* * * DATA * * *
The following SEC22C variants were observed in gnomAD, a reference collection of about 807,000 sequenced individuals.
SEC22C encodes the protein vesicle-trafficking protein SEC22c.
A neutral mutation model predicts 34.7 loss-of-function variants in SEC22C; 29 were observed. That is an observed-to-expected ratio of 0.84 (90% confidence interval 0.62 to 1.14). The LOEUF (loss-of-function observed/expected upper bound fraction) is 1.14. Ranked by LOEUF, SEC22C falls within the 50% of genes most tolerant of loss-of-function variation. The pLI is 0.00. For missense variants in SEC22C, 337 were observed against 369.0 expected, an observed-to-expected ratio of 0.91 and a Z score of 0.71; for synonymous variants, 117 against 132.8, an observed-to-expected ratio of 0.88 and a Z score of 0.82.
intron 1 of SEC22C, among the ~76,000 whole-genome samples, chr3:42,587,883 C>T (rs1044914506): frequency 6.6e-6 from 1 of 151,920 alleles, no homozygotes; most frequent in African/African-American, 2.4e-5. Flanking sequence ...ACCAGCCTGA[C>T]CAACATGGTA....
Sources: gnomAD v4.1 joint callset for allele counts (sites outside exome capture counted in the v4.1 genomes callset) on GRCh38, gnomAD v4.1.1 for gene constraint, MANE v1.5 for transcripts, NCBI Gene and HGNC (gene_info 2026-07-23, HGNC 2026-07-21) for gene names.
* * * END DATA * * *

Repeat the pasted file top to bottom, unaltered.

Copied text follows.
The following SEC22C variants were observed in gnomAD, a reference collection of about 807,000 sequenced individuals.
SEC22C encodes the protein vesicle-trafficking protein SEC22c.
A neutral mutation model predicts 34.7 loss-of-function variants in SEC22C; 29 were observed. That is an observed-to-expected ratio of 0.84 (90% confidence interval 0.62 to 1.14). The LOEUF (loss-of-function observed/expected upper bound fraction) is 1.14. Ranked by LOEUF, SEC22C falls within the 50% of genes most tolerant of loss-of-function variation. The pLI is 0.00. For missense variants in SEC22C, 337 were observed against 369.0 expected, an observed-to-expected ratio of 0.91 and a Z score of 0.71; for synonymous variants, 117 against 132.8, an observed-to-expected ratio of 0.88 and a Z score of 0.82.
intron 1 of SEC22C, among the ~76,000 whole-genome samples, chr3:42,587,883 C>T (rs1044914506): frequency 6.6e-6 from 1 of 151,920 alleles, no homozygotes; most frequent in African/African-American, 2.4e-5. Flanking sequence ...ACCAGCCTGA[C>T]CAACATGGTA....
Sources: gnomAD v4.1 joint callset for allele counts (sites outside exome capture counted in the v4.1 genomes callset) on GRCh38, gnomAD v4.1.1 for gene constraint, MANE v1.5 for transcripts, NCBI Gene and HGNC (gene_info 2026-07-23, HGNC 2026-07-21) for gene names.